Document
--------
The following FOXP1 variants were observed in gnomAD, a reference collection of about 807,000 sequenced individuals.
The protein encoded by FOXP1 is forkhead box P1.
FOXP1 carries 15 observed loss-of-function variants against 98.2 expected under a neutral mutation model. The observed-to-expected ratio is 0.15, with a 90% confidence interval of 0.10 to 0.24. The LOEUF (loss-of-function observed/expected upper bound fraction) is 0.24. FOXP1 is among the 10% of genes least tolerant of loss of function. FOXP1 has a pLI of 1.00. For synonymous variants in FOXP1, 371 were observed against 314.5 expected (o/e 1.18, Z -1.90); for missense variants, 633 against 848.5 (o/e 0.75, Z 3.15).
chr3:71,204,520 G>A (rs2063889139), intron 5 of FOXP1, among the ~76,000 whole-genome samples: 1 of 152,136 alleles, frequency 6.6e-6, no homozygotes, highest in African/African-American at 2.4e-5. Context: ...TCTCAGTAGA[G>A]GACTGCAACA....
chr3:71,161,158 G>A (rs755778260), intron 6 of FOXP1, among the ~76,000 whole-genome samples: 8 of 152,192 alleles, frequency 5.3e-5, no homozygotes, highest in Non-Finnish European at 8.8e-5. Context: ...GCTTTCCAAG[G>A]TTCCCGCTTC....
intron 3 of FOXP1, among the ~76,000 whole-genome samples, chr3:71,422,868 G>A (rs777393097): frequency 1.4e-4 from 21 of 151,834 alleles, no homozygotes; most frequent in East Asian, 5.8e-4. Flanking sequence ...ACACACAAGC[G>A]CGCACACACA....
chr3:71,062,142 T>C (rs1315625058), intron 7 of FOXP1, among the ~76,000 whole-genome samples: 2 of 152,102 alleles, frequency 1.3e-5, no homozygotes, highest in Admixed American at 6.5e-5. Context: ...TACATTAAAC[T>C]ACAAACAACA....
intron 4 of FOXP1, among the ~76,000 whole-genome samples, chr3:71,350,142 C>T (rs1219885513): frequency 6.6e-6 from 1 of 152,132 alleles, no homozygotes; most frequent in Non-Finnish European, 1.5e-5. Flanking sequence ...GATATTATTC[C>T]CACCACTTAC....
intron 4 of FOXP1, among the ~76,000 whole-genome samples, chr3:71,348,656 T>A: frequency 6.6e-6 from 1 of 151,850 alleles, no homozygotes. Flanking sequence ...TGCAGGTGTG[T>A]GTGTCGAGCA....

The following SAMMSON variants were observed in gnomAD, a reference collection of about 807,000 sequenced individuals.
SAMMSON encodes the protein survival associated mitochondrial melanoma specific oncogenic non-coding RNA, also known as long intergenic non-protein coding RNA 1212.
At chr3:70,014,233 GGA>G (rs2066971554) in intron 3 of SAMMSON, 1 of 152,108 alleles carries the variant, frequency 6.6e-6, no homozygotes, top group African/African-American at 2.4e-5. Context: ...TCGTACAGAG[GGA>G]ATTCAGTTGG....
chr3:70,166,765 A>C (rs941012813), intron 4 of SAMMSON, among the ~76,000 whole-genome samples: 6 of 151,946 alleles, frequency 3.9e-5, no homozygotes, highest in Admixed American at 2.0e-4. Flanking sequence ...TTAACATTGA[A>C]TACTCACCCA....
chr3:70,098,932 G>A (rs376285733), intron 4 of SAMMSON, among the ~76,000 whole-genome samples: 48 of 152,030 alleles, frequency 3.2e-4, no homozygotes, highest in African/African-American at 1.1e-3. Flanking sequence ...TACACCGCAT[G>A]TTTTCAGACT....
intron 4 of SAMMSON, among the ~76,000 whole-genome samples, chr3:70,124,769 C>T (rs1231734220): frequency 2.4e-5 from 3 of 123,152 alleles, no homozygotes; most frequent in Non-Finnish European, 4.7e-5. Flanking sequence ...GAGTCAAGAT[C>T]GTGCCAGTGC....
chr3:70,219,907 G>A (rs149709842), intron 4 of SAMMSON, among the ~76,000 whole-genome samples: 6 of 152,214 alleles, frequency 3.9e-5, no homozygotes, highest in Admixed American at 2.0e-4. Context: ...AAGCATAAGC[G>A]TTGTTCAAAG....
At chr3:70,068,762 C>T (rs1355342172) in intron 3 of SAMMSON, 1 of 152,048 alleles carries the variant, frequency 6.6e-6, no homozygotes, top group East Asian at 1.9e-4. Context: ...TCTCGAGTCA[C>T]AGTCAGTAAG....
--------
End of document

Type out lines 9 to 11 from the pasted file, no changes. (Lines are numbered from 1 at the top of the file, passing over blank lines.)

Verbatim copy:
intron 4 of FOXP1, among the ~76,000 whole-genome samples, chr3:71,348,656 T>A: frequency 6.6e-6 from 1 of 151,850 alleles, no homozygotes. Flanking sequence ...TGCAGGTGTG[T>A]GTGTCGAGCA....

The following SAMMSON variants were observed in gnomAD, a reference collection of about 807,000 sequenced individuals.
SAMMSON encodes the protein survival associated mitochondrial melanoma specific oncogenic non-coding RNA, also known as long intergenic non-protein coding RNA 1212.